2 -The Danish Air Force 
3 - The Indian Navy 
4 - The Royal Thai Navy 
5 - The FAA 827 sqn HMS.Triumph 1950 (Korean war) 
6 -The Royal Canadian Navy
7 - The Ethiopian Air Force (ex-Canadian navy)
8 - The FAA 1771 sqn HMS.Implacable 1945
9 - The FAA 1770 sqn HMS.Indefatigable 1945
10 - The FAA 860 sqn (Dutch) 1946


11 - The FAA 792 sqn nightfighter training between 1948-1949


12 - The FAA 827 sqn HMS.Triumph 1950 (Korean war)


13 - The Ethiopian Air Force


14 - The Dutch Naval Air 
Service (MLD) 861 sqn


15 - The Dutch Naval Air Service (MLD) 860 sqn Dutch 
East Indies between 1946-1950



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Albatros D.I

09:46 Aviation Views 0 Comments

Albatros D.I Photos from istoryk.at.ua

Albatros D.I 
The Albatros D.i (internal designation L15) was a German fighter of the First World War and the first operational combat single with a double-MG.


In the spring of 1916 conquered new fighter aircraft of the Allies, especially the French Nieuport 11 and the British Airco Dh.2, the air over the Western Front against the outdated Fokker monoplane back. Given the critical layers at Verdun and later at the Somme the mounting losses of own aircraft and crews valuable weighed particularly heavy, thus accompanied the growing threat of the soldiers in the trenches by enemy air raids and artillery observation. Urgent new fighter was sought in order to stabilize the situation.



For the first time put the company Albatros deals with the development of a fighter plane. In April 1916, the Technical Director of Albatros aircraft plants Dipl.-Ing designed. Robert Thelen and his assistants Schubert and gracious from the two-seater Albatros C-examination the Jagdeinsitzer DI (Designation D was the default name for a single-seat, armed biplane fighter, albatross gave the aircraft later the internal working name L15), of a powerful engine with should combine a strong armament. His design was characterized by a hull made of wood in a novel semi-monocoque construction of which was aerodynamically very stable and with its sleek teardrop shape and almost completely in the fuselage faired engine block also - however, affected by the mounted on the hull sides Windhoff cooler operating at a Results had to lead to engine failure and were banned on November 10, 1916 for use. The wings were covered in conventional design with linen. As the water-cooled engines 150 hp Benz Bz.III or the 160 hp Mercedes D.III six-cylinder engine were available; the choice fell on the Mercedes D.III of not only much stronger than the rotary engines of Nieuport (80 hp) and the DH2 (100 hp) was, but the Albatros DI with its takeoff weight of nearly 900 kilograms in relation to Nieuport (480 kg) and DH2 (654 kg) also made particularly difficult. However, this brought the key in a dogfight advantage of a huge diving speed.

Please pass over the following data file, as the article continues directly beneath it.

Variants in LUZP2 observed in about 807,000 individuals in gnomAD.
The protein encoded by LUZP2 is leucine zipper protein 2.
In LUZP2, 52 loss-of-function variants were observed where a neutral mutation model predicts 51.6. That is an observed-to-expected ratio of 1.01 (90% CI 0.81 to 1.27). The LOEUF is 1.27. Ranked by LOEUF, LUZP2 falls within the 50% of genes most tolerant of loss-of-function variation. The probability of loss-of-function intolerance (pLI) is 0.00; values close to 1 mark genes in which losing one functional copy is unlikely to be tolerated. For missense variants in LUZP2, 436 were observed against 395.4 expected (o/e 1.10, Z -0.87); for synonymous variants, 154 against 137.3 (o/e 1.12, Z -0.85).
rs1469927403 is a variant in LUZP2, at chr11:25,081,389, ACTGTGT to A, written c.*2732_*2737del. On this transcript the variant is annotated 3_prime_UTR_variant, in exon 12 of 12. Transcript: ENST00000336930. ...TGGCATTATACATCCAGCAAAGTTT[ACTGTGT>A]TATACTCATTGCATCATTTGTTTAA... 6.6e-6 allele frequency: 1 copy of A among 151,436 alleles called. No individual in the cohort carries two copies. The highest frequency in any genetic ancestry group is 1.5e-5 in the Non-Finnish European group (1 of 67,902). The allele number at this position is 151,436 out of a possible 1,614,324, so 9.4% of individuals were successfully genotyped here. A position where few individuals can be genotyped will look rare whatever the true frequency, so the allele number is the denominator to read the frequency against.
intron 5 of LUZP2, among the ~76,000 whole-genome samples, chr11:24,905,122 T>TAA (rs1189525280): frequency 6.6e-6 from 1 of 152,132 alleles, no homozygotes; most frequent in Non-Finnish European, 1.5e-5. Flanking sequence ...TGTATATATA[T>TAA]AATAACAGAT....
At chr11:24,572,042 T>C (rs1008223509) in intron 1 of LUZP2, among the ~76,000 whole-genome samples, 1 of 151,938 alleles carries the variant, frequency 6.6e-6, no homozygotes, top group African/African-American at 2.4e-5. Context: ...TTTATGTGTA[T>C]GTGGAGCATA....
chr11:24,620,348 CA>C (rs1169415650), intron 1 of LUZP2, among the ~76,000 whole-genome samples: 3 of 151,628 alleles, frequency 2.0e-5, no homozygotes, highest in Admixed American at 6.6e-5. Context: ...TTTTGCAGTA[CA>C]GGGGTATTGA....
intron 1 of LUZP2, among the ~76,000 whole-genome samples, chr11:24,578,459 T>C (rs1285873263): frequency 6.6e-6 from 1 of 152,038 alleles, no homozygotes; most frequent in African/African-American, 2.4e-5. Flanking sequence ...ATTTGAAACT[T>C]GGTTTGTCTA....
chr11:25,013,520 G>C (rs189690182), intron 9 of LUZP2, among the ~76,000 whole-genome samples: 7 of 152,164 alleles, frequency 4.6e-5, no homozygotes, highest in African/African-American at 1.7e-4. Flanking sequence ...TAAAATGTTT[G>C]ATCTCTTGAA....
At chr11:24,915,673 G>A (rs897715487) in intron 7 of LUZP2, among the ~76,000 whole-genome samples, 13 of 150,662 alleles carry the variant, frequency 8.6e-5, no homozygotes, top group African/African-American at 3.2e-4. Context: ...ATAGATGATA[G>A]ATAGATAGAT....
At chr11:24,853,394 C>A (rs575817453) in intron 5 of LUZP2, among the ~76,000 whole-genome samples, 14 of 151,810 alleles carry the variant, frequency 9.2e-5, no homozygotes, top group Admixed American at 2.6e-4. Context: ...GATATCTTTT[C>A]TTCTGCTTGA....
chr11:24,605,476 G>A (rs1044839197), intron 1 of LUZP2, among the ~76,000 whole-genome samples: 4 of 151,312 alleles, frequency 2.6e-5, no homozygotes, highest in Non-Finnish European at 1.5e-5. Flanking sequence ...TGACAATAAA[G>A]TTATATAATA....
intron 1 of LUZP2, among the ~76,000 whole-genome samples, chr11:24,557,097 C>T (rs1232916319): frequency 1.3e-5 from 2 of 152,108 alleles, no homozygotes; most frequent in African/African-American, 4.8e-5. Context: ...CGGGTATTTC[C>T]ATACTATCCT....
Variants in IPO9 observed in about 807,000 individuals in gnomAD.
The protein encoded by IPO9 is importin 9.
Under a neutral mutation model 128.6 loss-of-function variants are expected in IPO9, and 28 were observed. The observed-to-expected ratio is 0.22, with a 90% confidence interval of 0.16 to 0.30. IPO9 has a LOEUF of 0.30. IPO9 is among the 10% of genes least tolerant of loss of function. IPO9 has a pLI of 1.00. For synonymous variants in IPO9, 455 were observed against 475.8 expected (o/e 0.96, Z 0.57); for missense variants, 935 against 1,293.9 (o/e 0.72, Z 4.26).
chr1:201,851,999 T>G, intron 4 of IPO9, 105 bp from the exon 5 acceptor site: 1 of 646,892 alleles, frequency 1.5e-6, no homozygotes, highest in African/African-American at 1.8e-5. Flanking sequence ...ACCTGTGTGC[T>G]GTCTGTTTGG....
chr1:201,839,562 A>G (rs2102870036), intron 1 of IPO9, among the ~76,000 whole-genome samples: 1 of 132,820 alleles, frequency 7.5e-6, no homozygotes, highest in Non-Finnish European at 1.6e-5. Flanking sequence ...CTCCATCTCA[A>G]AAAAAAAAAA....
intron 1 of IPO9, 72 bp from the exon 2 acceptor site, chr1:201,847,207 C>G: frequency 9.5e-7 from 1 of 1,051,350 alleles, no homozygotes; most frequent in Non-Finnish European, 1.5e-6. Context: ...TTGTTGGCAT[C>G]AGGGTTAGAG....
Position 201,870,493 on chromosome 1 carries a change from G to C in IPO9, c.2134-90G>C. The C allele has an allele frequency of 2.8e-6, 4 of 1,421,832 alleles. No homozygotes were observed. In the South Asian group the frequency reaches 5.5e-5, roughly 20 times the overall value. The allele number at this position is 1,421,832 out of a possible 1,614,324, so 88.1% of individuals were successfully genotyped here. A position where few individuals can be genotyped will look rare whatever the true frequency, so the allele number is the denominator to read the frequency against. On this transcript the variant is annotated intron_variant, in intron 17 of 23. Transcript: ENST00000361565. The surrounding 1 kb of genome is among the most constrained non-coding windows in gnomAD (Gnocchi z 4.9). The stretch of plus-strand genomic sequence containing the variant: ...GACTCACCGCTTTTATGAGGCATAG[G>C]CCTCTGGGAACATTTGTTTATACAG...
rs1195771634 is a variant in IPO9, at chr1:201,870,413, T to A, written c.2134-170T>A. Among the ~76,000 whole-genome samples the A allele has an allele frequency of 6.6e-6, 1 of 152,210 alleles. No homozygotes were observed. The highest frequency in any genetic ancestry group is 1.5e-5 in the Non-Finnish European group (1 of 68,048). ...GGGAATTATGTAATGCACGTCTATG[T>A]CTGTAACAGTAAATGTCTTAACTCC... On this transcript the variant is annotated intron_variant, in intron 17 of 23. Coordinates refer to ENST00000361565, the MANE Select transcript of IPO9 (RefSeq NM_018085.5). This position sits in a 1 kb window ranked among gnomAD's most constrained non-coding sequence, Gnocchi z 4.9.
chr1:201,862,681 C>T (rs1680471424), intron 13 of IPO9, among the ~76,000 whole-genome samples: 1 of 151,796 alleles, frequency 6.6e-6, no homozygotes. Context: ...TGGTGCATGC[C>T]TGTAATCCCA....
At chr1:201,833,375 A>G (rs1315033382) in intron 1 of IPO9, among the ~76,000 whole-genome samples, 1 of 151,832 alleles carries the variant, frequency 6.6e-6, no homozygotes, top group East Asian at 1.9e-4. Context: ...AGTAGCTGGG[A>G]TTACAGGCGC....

The two synchronized machine guns doubled the firepower of the recent struggle seater. The aircraft could be handled superbly thanks to the powerful engine and the balanced elevator despite its weight. It was much faster than the comparison sample of the Entente and had an excellent climbing ability, but was not as agile as the Fokker monoplane used previously or at the same time developed Halberstadt Jagdeinsitzer. Another drawback was that caused by the upper wing limited visibility up front. These disadvantages, however, were more than offset by the higher gradeability, speed and firepower.




General characteristics : 

Wingspan: 8.50 m
Length: 7.33 m
Height: 2.95 m
Wing area: 22,90 m²
Empty weight: 674 kg
Loading capacity: 224 kg
Max. Start Weight: 898 kg
Engine: Water-cooled 6-cylinder engine (Mercedes D III with 160 hp or 150 hp Benz with Bz.III)
Armament: 2 synchronized 7.92 mm LMG 08/15
Max speed: 175 km / h on NN
Service ceiling: 6000 m
Climb performance: 3.3 m / s
Rise time at 1,000 m: 4 min
Rise time at 3,000m: 15 min
Rise time on 5000m: 40 min
Flight duration: 1: 50h
Max. Range: 230 km
Crew: 1 man
Quantity: 50



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Nieuport 17

07:49 Aviation Views 0 Comments

Nieuport biplane fighter. (Haut-Rhin, France 1917) by Paul Castelnau This image has been digitally manipulated. Photos from Wikimedia 

Nieuport 17

The Nieuport 17, was a french fighter aircraft during ww1, builed by the french eingineer " Gustave Delage " (Nieuport company) and put into service in 1916.
it was equipped with a more powerful engine, larger wings and a better structure.
The first devices were equipped with an engine of 110 hp (82 kW), later with an engine of 130 hp (97 kW).
 It was a very maneuverable aircraft but lower wings tended to break during extreme maneuvers.



The aircraft was used by the french, British, Belgian, Russian and italian army and the almost the rest of the great aces.

The Germans were impressed by the performance of the French hunter realized in a very faithful copy: the "Siemens Schuckert D.I" which was built in 95 copies.



Technical specifications :
crew 1
Length 5.96 m
Wingspan 8.20 m
Height 2.44 m
Wing area 14,75 m²
Empty weight 374 kg
Max. Off mass 560 kg
Max speed 170 km / h
Service ceiling 5350 m
Range 250 km
Powerplant: 1 × 9-cylinder rotary engine with 82 kW
Armament : -1 Vickers or Lewis machine gun





Operators : 

Belgium
Brazil
Chile
Colombia
Czechoslovakia
Estonia
Finland
France
Hungarian Soviet Republic 
Kingdom of Italy
Netherlands
Poland
Romania
Russian Empire
Switzerland
Soviet Union 
Ukraine
United Kingdom
United States

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Focker-Wulf FW 190